Adelbert Ames West Point Photo (Wikipedia)
As most who are familiar with the battle know, Ricketts's and Griffin's battery were sent forward onto Henry House Hill in an exposed position, over the objections of a batteries commanders. At one point an infantry force approached Griffin's battery. Griffin was sure they were Confederates; artillery chief William Barry was convinced they were Union infantry supports. The infantry opened fire, decimating the battery. A bullet struck Ames in the thigh. As Griffin wrote in his official report: "I deem it my duty to add that Lieutenant Ames was wounded so as to be unable to ride a horse at almost the first fire; yet he sat by his command directing fire, being helped on and off the caisson during the different changes of front or position, refusing to leave the field until he was too weak to sit up."
In 1894, Ames was awarded a Medal of Honor for his actions at Bull Run. His citation reads:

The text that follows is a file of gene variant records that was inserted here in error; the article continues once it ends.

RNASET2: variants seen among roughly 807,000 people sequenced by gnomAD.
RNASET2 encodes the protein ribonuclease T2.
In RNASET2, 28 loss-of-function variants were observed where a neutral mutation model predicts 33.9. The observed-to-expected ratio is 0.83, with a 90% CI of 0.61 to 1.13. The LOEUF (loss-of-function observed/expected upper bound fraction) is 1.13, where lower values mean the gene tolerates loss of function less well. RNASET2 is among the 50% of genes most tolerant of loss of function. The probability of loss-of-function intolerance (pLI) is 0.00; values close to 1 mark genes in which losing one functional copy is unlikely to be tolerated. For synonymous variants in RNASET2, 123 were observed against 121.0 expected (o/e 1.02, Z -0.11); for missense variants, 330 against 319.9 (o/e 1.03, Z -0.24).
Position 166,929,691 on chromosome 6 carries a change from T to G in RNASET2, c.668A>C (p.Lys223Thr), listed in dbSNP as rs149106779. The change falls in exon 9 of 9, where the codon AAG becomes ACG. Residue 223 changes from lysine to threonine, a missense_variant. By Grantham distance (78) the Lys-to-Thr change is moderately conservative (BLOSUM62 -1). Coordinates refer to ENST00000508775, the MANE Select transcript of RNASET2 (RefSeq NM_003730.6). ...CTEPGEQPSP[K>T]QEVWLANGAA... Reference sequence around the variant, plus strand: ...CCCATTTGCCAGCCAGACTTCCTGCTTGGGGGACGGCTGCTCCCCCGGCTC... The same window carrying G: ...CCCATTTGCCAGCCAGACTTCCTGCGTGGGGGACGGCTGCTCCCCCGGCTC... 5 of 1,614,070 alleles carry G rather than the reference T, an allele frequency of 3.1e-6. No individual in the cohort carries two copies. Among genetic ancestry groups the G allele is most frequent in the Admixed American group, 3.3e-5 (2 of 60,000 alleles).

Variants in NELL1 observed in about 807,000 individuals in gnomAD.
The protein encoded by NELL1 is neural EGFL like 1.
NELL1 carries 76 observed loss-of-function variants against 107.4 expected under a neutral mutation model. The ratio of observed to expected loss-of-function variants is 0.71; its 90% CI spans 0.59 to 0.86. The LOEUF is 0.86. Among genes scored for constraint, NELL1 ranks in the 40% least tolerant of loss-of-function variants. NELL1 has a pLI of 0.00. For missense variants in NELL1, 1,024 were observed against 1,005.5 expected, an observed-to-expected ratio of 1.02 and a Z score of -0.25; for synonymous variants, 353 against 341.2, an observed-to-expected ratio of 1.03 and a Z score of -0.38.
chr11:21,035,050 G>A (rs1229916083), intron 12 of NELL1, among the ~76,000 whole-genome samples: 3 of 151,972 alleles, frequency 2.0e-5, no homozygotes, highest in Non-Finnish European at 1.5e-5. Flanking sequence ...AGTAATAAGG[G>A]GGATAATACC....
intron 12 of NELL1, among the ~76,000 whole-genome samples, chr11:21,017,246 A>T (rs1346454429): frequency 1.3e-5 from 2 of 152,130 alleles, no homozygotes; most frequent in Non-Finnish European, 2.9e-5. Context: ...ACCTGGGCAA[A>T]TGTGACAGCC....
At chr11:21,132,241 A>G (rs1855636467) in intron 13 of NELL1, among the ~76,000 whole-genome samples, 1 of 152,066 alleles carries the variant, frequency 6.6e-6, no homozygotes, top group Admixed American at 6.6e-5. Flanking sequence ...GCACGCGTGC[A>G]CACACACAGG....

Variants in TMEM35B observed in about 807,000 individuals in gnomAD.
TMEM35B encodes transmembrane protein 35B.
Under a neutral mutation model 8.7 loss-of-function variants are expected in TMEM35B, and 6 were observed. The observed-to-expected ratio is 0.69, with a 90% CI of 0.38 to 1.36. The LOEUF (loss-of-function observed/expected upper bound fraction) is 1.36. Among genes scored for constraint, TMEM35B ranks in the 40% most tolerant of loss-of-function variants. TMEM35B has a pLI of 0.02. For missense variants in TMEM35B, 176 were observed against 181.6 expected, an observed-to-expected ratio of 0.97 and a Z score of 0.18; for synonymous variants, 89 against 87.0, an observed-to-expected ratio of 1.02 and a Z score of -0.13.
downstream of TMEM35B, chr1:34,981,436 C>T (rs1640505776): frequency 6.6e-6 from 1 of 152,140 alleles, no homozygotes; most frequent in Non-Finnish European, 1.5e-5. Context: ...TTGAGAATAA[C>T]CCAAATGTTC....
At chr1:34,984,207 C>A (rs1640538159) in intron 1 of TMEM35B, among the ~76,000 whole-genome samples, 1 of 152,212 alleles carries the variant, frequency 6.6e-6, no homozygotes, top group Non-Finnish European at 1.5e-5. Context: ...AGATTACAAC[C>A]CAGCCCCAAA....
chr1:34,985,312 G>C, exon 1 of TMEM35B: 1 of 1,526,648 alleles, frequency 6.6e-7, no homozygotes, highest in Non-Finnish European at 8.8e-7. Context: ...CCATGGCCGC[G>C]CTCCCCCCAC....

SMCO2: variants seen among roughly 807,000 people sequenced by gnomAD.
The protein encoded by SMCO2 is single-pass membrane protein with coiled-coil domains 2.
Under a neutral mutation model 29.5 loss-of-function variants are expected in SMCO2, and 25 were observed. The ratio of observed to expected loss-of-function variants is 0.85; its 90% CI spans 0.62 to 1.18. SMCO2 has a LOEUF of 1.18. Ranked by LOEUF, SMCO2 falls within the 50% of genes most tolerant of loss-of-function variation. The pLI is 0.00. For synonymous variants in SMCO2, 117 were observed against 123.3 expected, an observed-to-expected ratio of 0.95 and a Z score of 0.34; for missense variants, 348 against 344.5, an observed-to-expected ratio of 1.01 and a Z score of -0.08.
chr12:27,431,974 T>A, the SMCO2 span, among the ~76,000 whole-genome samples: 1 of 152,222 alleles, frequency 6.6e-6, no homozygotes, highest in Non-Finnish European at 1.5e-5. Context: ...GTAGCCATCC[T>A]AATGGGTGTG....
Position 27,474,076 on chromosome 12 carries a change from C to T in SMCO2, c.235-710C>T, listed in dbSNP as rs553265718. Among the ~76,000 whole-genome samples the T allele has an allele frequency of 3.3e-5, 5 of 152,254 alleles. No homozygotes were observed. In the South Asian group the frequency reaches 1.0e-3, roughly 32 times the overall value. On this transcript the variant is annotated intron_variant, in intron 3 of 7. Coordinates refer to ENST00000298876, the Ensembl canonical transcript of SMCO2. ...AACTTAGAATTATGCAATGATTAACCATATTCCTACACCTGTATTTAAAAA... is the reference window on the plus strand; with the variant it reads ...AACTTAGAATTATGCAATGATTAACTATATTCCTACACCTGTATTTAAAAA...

The President of the United States of America, in the name of Congress, takes pleasure in presenting the Medal of Honor to First Lieutenant (Field Artillery) Adelbert Ames, United States Army, for extraordinary heroism on 21 July 1861, while serving with 5th U.S. Artillery, in action at Bull Run, Virginia. First Lieutenant Ames remained upon the field in command of a section of Griffin's Battery, directing its fire after being severely wounded and refusing to leave the field until too weak to sit upon the caisson where he had been placed by men of his command.